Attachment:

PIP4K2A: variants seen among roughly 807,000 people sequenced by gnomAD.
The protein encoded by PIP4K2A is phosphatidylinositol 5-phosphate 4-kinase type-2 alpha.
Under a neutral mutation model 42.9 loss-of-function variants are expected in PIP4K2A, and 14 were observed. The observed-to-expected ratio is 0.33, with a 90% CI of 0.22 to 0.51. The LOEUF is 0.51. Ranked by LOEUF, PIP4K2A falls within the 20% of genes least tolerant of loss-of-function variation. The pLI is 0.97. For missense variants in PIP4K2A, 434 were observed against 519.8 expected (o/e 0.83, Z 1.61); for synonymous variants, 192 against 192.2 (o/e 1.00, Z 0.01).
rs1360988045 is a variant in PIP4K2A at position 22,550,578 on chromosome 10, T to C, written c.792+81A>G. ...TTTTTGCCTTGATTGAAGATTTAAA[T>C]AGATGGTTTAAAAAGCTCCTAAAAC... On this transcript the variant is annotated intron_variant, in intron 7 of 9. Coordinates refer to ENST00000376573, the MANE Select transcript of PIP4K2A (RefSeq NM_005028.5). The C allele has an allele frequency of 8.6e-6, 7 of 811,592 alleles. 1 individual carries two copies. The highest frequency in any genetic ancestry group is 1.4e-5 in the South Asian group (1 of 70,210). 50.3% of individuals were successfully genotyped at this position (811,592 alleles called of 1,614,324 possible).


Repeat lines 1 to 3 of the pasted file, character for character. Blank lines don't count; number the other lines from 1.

PIP4K2A: variants seen among roughly 807,000 people sequenced by gnomAD.
The protein encoded by PIP4K2A is phosphatidylinositol 5-phosphate 4-kinase type-2 alpha.
Under a neutral mutation model 42.9 loss-of-function variants are expected in PIP4K2A, and 14 were observed. The observed-to-expected ratio is 0.33, with a 90% CI of 0.22 to 0.51. The LOEUF is 0.51. Ranked by LOEUF, PIP4K2A falls within the 20% of genes least tolerant of loss-of-function variation. The pLI is 0.97. For missense variants in PIP4K2A, 434 were observed against 519.8 expected (o/e 0.83, Z 1.61); for synonymous variants, 192 against 192.2 (o/e 1.00, Z 0.01).